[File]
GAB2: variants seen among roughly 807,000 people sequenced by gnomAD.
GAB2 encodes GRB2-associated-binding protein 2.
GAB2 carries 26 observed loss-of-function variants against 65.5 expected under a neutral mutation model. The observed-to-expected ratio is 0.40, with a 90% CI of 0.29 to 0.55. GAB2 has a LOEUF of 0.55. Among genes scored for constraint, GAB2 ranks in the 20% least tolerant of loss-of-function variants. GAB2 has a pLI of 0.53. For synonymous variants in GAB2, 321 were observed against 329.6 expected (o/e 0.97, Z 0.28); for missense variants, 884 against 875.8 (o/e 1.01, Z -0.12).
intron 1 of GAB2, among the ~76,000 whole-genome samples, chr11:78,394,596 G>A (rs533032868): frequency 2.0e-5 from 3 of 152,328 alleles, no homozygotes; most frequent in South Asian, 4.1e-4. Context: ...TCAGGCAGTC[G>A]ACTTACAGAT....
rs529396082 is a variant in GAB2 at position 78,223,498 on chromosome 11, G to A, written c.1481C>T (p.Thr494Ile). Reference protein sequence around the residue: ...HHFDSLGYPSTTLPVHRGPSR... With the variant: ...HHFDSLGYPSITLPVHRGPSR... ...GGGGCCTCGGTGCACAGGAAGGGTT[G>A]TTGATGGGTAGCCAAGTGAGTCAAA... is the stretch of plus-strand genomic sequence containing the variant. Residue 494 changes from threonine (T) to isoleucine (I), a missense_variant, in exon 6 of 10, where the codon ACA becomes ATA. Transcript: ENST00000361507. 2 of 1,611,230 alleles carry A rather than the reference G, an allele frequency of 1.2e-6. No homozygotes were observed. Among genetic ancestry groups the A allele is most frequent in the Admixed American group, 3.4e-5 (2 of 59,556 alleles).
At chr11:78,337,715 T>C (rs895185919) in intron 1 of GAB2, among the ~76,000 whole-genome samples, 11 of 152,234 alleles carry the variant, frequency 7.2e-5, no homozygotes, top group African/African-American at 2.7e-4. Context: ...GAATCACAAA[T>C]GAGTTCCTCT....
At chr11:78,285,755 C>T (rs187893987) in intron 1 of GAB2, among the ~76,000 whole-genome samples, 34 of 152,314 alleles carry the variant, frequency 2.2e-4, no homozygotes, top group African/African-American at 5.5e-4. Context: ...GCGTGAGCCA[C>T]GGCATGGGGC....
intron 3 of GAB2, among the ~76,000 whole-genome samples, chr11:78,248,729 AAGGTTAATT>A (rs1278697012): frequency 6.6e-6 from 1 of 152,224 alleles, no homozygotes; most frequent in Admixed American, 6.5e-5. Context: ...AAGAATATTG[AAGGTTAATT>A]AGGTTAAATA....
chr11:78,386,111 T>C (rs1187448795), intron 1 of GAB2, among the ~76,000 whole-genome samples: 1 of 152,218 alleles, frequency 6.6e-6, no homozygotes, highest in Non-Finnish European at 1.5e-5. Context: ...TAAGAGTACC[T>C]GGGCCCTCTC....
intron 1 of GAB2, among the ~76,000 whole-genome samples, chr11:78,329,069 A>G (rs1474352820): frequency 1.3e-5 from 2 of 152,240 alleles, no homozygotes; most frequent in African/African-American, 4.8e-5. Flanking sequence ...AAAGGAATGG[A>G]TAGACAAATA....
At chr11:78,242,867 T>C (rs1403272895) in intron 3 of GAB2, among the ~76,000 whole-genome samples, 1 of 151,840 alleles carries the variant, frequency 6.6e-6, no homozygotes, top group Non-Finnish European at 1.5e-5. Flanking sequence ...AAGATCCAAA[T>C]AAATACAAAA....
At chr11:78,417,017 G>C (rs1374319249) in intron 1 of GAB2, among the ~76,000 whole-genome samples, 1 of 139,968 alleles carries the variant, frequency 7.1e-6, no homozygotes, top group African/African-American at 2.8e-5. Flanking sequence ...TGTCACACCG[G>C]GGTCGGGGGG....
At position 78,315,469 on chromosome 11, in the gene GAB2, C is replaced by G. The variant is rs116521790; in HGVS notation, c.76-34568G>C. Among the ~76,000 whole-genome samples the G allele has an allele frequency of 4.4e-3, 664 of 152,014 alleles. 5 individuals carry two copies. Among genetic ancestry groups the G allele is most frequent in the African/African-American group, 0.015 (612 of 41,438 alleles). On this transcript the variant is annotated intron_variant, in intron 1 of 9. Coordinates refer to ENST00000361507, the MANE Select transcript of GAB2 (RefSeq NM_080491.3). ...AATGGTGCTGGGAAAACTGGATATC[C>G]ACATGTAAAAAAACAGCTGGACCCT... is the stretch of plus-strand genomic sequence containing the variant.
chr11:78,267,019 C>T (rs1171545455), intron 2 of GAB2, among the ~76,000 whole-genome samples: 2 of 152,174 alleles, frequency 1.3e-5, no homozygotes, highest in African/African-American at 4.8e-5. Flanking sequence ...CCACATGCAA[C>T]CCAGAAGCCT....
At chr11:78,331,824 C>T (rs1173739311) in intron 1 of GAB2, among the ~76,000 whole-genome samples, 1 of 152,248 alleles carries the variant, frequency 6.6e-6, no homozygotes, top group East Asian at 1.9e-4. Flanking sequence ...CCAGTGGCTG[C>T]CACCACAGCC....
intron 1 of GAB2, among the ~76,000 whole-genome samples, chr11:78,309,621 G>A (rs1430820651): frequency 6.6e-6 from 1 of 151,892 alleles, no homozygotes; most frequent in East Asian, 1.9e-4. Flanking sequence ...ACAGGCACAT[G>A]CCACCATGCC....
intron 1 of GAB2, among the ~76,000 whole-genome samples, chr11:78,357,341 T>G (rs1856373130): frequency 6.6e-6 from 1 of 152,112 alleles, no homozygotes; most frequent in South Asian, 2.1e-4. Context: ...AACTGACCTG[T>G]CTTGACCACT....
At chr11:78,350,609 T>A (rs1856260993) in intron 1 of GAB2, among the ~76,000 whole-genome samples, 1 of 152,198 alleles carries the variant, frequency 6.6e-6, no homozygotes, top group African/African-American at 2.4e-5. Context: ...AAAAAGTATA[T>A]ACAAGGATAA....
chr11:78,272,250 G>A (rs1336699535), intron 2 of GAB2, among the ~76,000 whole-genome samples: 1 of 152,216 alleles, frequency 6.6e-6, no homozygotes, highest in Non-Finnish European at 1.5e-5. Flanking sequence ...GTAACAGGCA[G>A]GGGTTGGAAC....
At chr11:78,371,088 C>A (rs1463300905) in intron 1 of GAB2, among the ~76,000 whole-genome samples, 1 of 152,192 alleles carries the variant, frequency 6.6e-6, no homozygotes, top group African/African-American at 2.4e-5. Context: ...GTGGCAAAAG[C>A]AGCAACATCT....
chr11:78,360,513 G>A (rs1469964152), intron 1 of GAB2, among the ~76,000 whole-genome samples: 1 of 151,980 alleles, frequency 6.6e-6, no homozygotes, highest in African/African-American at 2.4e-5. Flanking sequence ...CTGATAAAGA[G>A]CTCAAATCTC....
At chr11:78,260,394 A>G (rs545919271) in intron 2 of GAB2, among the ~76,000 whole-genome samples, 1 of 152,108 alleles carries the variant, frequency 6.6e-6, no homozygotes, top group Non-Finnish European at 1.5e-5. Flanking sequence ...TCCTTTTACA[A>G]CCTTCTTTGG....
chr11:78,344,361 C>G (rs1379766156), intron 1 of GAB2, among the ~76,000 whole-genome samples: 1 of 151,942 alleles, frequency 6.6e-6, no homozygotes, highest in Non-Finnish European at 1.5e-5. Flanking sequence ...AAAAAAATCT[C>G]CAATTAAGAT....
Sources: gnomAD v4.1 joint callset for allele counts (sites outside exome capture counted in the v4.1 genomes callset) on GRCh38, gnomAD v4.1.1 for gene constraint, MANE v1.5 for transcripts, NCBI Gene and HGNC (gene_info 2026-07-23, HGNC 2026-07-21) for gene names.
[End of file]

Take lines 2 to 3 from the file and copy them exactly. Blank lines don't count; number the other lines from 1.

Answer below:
GAB2 encodes GRB2-associated-binding protein 2.
GAB2 carries 26 observed loss-of-function variants against 65.5 expected under a neutral mutation model. The observed-to-expected ratio is 0.40, with a 90% CI of 0.29 to 0.55. GAB2 has a LOEUF of 0.55. Among genes scored for constraint, GAB2 ranks in the 20% least tolerant of loss-of-function variants. GAB2 has a pLI of 0.53. For synonymous variants in GAB2, 321 were observed against 329.6 expected (o/e 0.97, Z 0.28); for missense variants, 884 against 875.8 (o/e 1.01, Z -0.12).